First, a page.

The Albania project started in fall 2013 as a way to tackle the slowdown in economic development. At that time, the external sources of growth – remittances and exports – had stalled. Solvency constraints and unfavorable credit market conditions restricted the effectiveness of the fiscal and monetary policies. These factors conspired against an economic recovery and demanded that Albania rethink the processes leading to its growth.
To address this situation, in cooperation with the Government of Albania and the Open Society Foundations, the Growth Lab at the Center for International Development (CID), led by professor Ricardo Hausmann, launched the first project, titled, "Economic Growth in Albania" (2014-2017). The initial project focused on three key areas: (1) ensuring short-term macroeconomic and fiscal stability, (2) building fiscal strength over the medium term, and (3) developing sectors that can be sustainable drivers of growth in exports and jobs.
Over the years, the project has gone through different stages of evolution, from helping Albania gain macroeconomic stability, to targeted interventions in sectors with growth potential, such as agriculture, fasons, tourism, special economic zones, energy, and investments. Recognizing the transformative potential that rests with the Albanian diaspora, the project worked hand in hand with the government and diaspora groups in the United States to find ways of engaging Albanians abroad with social and economic development in Albania. In 2017, a second project, titled, “Institutional Strengthening and Economic Diversification in Albania” (2017-2021), was launched to advance the work started in the previous four years, and more specifically to: (1) help the government maintain macroeconomic stability, (2) assist with the emergence of new growth actors, and (3) increase government’s capability to implement policies and reforms.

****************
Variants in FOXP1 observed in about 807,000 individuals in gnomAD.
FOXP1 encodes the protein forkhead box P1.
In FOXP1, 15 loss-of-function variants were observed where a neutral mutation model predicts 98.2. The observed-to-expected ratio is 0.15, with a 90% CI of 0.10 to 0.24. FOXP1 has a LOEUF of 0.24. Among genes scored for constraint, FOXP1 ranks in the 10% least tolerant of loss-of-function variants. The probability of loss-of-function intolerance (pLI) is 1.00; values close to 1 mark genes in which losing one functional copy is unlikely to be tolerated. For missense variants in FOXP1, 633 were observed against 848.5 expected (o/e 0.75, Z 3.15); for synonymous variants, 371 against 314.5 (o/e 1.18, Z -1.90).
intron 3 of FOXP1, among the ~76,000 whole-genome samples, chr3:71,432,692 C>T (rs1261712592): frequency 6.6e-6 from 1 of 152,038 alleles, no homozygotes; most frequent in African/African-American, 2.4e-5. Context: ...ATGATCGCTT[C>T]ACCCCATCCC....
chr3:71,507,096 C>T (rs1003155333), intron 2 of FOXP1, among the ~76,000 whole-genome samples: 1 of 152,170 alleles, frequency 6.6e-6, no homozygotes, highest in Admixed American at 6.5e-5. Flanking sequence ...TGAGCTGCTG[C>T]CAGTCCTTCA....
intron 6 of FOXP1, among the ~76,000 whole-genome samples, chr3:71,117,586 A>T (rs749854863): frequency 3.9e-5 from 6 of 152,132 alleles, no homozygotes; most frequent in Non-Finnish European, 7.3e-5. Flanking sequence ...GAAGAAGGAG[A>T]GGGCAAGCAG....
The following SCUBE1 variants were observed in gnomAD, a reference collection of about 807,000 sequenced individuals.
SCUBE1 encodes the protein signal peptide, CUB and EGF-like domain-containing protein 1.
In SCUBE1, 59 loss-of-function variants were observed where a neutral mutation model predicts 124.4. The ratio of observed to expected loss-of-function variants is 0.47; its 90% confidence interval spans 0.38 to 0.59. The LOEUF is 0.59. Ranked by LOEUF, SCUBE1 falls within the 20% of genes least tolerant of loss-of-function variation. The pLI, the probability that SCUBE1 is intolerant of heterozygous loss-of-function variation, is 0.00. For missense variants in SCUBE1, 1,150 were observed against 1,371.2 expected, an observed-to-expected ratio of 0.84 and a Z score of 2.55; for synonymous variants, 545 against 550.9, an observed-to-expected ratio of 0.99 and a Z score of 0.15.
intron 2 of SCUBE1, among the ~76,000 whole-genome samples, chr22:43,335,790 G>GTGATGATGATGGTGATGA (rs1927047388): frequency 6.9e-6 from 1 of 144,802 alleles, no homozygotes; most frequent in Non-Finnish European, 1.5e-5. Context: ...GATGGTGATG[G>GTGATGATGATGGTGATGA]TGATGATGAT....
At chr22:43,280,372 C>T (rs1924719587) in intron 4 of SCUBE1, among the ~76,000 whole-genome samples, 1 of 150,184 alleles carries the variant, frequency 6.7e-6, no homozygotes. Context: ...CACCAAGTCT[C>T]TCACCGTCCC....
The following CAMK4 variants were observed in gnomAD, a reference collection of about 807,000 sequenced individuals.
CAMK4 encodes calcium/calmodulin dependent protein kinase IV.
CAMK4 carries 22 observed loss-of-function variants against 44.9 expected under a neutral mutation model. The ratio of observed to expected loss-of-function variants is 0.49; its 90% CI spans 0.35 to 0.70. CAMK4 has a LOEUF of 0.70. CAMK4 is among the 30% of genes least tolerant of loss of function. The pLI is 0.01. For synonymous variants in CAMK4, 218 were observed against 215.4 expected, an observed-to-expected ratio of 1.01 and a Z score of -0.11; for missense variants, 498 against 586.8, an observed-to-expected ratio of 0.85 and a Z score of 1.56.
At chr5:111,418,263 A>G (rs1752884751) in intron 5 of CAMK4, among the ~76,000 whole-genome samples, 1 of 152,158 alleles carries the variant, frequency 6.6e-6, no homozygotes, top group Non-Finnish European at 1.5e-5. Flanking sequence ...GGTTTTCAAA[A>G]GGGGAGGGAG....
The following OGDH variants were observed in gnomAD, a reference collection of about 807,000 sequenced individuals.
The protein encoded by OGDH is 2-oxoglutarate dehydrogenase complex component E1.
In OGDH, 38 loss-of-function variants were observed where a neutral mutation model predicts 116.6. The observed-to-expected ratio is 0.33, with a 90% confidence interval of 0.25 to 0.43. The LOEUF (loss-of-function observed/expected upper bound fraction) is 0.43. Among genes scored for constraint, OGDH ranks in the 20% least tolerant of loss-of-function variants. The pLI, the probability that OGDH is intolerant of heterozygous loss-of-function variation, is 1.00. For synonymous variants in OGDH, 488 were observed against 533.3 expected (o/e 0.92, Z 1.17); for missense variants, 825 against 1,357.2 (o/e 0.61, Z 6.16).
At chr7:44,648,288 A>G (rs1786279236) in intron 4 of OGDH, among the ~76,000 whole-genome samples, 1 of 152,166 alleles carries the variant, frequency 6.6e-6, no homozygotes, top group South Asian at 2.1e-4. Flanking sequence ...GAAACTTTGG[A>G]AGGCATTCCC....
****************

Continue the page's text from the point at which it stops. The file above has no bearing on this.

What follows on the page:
In fulfilling the project objectives, the Growth Lab has brought together a team of prominent researchers, experts, and faculty in the fields of macroeconomics, energy policy, public finance, agriculture, labor markets, public administration, infrastructure development, and law, among other areas.
The outcomes of the Albania project include Growth Lab working papers, case studies, analyses, reports, policy briefings and recommendations, trainings, and executive education courses. Since 2014, every year, graduate students from Harvard University have participated in Growth Lab summer internship programs in Albania.